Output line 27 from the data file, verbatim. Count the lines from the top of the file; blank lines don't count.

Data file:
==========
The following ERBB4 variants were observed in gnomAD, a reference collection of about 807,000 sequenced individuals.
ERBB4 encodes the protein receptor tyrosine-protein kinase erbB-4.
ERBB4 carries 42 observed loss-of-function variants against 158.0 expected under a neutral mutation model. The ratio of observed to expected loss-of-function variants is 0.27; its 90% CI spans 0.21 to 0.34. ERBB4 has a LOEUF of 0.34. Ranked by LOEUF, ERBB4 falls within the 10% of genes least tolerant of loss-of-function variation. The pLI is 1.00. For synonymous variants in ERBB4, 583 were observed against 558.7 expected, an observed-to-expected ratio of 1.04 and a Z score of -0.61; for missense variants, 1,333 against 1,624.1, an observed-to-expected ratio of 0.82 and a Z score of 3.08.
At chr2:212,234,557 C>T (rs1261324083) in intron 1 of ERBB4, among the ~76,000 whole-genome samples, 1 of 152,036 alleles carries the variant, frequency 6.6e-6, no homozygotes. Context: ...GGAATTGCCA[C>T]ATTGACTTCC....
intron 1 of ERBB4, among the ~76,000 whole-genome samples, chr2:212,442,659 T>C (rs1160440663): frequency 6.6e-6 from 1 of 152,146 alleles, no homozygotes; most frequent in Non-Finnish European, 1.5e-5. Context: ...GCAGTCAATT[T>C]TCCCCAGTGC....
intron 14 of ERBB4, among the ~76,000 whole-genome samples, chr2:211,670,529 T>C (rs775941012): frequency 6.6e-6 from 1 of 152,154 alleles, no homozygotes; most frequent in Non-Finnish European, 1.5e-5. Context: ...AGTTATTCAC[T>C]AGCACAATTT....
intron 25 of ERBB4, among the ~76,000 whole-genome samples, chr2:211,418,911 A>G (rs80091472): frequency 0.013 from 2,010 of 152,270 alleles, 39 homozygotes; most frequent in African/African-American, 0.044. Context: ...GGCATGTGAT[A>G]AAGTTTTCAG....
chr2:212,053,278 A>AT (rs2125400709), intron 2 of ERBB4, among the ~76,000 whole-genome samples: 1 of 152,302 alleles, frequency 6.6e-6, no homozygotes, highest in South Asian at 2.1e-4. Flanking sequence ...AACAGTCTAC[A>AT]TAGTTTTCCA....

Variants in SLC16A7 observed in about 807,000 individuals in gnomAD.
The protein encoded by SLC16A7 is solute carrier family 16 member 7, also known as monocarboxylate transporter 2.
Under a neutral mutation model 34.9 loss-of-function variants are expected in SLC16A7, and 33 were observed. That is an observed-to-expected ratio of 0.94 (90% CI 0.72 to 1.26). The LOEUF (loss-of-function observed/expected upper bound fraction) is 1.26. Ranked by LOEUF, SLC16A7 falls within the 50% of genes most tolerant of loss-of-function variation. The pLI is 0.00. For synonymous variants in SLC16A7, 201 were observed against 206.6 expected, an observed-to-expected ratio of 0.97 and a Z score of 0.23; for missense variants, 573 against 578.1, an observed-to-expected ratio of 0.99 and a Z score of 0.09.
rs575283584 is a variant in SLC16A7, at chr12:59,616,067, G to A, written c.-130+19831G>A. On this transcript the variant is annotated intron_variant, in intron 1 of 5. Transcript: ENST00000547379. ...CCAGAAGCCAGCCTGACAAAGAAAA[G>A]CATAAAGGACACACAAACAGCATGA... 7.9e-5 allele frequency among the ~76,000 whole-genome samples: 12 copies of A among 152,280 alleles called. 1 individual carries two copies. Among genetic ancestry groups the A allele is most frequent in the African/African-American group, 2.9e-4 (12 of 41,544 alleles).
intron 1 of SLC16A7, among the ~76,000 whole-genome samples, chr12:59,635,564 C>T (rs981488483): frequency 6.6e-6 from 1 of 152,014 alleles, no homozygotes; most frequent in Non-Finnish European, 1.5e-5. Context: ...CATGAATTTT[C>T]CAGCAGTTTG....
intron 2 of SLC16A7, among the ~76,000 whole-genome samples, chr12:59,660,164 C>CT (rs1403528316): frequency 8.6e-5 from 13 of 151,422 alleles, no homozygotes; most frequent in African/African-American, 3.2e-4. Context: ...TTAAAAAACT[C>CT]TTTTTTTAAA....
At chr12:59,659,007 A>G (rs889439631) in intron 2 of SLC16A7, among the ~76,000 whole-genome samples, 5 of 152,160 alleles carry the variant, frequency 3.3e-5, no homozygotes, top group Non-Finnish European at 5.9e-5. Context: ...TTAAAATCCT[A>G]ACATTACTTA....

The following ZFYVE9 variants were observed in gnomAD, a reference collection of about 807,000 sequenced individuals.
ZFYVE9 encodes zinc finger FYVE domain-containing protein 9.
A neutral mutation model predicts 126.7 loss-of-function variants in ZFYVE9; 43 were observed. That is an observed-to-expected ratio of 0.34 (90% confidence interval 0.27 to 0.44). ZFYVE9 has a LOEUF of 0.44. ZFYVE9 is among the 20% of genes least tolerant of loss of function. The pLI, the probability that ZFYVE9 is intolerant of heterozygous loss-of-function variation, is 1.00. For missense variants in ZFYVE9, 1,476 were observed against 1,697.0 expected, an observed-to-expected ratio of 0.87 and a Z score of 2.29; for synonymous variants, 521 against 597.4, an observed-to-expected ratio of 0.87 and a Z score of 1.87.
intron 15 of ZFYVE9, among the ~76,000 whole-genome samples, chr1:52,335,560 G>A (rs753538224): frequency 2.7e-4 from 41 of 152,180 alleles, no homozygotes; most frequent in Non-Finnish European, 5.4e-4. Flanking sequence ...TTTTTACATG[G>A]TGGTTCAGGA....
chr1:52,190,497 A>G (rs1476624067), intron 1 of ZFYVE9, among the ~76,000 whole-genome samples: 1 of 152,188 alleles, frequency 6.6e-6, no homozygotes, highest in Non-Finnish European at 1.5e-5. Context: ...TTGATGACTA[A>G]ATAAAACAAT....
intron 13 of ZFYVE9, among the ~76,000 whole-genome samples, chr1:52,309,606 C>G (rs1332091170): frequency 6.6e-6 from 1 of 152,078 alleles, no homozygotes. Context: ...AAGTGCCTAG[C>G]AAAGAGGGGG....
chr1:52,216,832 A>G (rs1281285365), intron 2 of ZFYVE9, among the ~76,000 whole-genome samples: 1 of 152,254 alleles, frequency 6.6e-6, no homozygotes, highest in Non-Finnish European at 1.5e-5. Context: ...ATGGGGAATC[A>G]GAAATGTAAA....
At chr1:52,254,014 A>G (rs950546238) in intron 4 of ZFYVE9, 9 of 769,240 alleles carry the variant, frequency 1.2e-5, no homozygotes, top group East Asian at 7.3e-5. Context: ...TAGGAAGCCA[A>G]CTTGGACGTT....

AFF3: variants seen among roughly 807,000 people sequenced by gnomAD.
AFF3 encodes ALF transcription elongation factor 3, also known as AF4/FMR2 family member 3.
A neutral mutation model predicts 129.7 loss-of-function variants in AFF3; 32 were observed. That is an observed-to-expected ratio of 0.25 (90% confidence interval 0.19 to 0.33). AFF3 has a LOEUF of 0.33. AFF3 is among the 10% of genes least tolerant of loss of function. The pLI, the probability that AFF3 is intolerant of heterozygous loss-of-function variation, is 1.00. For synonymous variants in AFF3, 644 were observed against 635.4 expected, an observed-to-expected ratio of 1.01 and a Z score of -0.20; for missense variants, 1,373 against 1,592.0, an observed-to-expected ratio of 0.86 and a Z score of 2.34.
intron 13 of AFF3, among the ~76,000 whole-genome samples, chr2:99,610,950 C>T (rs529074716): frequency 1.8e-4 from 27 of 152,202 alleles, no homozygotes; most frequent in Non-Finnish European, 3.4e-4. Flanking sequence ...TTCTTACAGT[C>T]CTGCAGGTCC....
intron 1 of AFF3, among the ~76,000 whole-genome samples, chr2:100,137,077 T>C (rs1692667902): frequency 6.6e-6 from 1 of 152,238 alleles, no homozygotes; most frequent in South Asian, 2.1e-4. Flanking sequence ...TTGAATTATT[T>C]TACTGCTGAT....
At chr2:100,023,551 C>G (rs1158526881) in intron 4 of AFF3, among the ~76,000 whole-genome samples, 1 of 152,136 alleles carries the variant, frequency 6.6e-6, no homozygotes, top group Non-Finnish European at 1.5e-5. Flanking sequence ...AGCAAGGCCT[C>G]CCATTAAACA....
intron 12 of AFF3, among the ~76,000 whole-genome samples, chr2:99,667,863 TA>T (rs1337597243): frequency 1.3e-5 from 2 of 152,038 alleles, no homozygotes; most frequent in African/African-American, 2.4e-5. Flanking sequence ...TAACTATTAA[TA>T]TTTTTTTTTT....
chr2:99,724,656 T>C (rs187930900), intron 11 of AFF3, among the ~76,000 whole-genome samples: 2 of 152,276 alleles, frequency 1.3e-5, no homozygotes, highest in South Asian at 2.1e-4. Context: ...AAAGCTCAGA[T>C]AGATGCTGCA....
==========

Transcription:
intron 13 of AFF3, among the ~76,000 whole-genome samples, chr2:99,610,950 C>T (rs529074716): frequency 1.8e-4 from 27 of 152,202 alleles, no homozygotes; most frequent in Non-Finnish European, 3.4e-4. Flanking sequence ...TTCTTACAGT[C>T]CTGCAGGTCC....